Mexican Agricultural Reforms Set Stage for a New Revolution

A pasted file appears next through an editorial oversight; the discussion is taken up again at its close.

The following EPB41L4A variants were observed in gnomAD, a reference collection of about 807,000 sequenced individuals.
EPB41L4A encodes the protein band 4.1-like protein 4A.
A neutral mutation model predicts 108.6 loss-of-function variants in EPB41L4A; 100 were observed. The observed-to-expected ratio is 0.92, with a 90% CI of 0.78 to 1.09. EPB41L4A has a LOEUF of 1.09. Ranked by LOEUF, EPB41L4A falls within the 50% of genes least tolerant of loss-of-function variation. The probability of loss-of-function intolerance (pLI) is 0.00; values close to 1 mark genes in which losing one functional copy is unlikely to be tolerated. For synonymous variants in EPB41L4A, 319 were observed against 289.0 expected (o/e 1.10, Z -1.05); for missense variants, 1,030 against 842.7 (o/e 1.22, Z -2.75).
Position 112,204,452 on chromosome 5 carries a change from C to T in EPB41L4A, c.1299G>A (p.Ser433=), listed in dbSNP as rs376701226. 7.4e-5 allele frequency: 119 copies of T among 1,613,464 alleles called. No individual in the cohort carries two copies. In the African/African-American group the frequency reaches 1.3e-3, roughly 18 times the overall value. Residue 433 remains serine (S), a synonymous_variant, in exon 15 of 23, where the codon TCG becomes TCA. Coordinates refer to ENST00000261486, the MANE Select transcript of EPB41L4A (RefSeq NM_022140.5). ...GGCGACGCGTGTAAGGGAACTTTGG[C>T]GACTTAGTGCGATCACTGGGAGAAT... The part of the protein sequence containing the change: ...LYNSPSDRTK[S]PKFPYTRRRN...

PRESIDENT Carlos Salinas de Gortari has boldly challenged Mexicans' deep historical sensitivies by proposing the most sweeping agricultural reforms since the Mexican Revolution. His program would not only transform the lives of millions of rural Mexicans, but could ultimately undercut the dominance of his own ruling party."Other presidents have tried restructuring, but this is the most profound, most radical vision yet," says economist Antonio Junez of the Colegio de Mexico. Supporters cheer Mr. Salinas for being gutsy enough to buck history and political sensitivities by revamping an archaic communal farm system. If Mexico is to be competitive in a North American free-trade zone, they say, the reforms are imperative. But critics lambaste the president's "privitization" program for abandoning poor campesinos and reintroducing large feudal estates known as latifundios. "If Zapata were alive today, he'd start another revolution" to stop the reforms, says Faustino Arroche Zamora, a farmer here in the hometown of revolutionary Emiliano Zapata. The image of the mustachioed rebel is synonymous with peasant land rights. One of the tenets of the Mexican Revolution of 1910-17 was to break up big landholdings and give every Mexican enough land to be self-sufficient. The Mexican Constitution of 1917 enshrined the ejido communal land system, which now covers more than half the surface area of Mexico. But the ejidos are now failing to feed this nation of 82 million. "Those that criticize change basically propose that the poverty and misery of millions of campesinos continue," Salinas said in a national address on Nov. 14. Of the 17 million Mexicans living in extreme poverty, 70 percent live in the countryside. The majority of ejido farmers, or ejiditarios, own less than five hectares of land (12 acres, or less than one-tenth as much as the average US farmer), making economies of scale impossible. Under Article 27 of the Constitution, the land belongs to the state. The farmer manages the land and can pass these rights on to one son, but by law cannot rent or sell the property. And because they don't own the land, ejiditarios can't borrow against the land's value to buy equipment or more land to increase production. In his address, Salinas called for a national debate and set out proposals to encourage investment in agriculture. Included in the reforms: * A constitutional amendment to give ejidos the right to own their land, form associations with other ejidos, or to sell or rent land to corporations. * A major commitment to boost 1992 farm funding (for new technology, loans, etc.) to 9 trillion pesos (about $3 billion), up 20 percent in real terms over 1991. Another 5 trillion pesos ($1.6 billion) will be made available for an agro-industrial development fund and crop insurance. * A new legal system to protect the rights of rural private property owners and remove the agrarian judicial process from the executive branch. * The end to government distribution of land as dictated by the Constitution. "The population has grown to the point where there is no more land to give," states one Mexican official. One of the first challenges for the Salinas administration will be legalizing ejido land rights. This means untangling a Gordian knot of claims. Of the 28,000 ejidos, only 3,000 communities have legal titles. Even critics long to see the titleship problem resolved. But opposition parties argue the failure of the communal land system is due to low government funding and a corrupt, bloated agrarian bureaucracy. The Salinas reforms, they say, will open the door to domestic and foreign buyers with no long-term interest in helping poor farmers. "The government is giving me the right to sell the land," says ejido farmer Arroche Zamora. "Rich people will come and buy the land. Like a fool, I'll spend my money on wine, women, and song. But in two or three years, I'll be back asking for a job working the land I once owned." Government officials envision a different outcome. They point to recent model projects such as one in the town of Vaquerias in the state of Nuevo Leon. Gamesa, a Mexican cookiemaking conglomerate, put up half of $12 million (state and federal agencies chipped in the rest) to improve production at an ejido there. The ejiditarios work the land and evenly split the profits with their corporate partner. Mr. Junez notes the advantages of more capital investment, but wonders if it will ease rural poverty. "The best land will be sold off.... But the large percentage of farmers with low-production land won't find buyers." But the reforms are endorsed by ejiditario Mateo Zapata, son of the hero and head of the National Movement for the 1911 Ayala Plan, a group devoted his father's original goals. "It gives the campesino more options. He can sell, rent, or combine with other ejiditarios," he says. "Suppose year after year you were planting crops on the same four hectares and losing money. Then, someone offers you 100 million pesos for your land. That's more money than you'll ever see in your life, unless of course you're growing marijuana or opium." Says Mr. Zapata: d sell, get rid of all my problems, and head for Acapulco." Zapata says his father opposed the ejido. The Salinas reforms, says Zapata, may give campesinos more political freedom. "The ejidos are used by the ruling party. They say, if you don't vote for the PRI [Institutional Revolutionary Party], we won't give you credits or we'll take your land and give it to someone else." Within five to 10 years, says political scientist Frederico Estevez of the Instituto Tecnologico Autonomo de Mexico, PRI will lose much of the influence of the agrarian bureaucracy and the campesino organizations which helped deliver rural votes. But Professor Estevez says: "The PRI leadership hopes that between the two goodies of giving ejido peasants more options plus a huge commitment of money, they can recreate a relatively durable coalition of support in the countryside."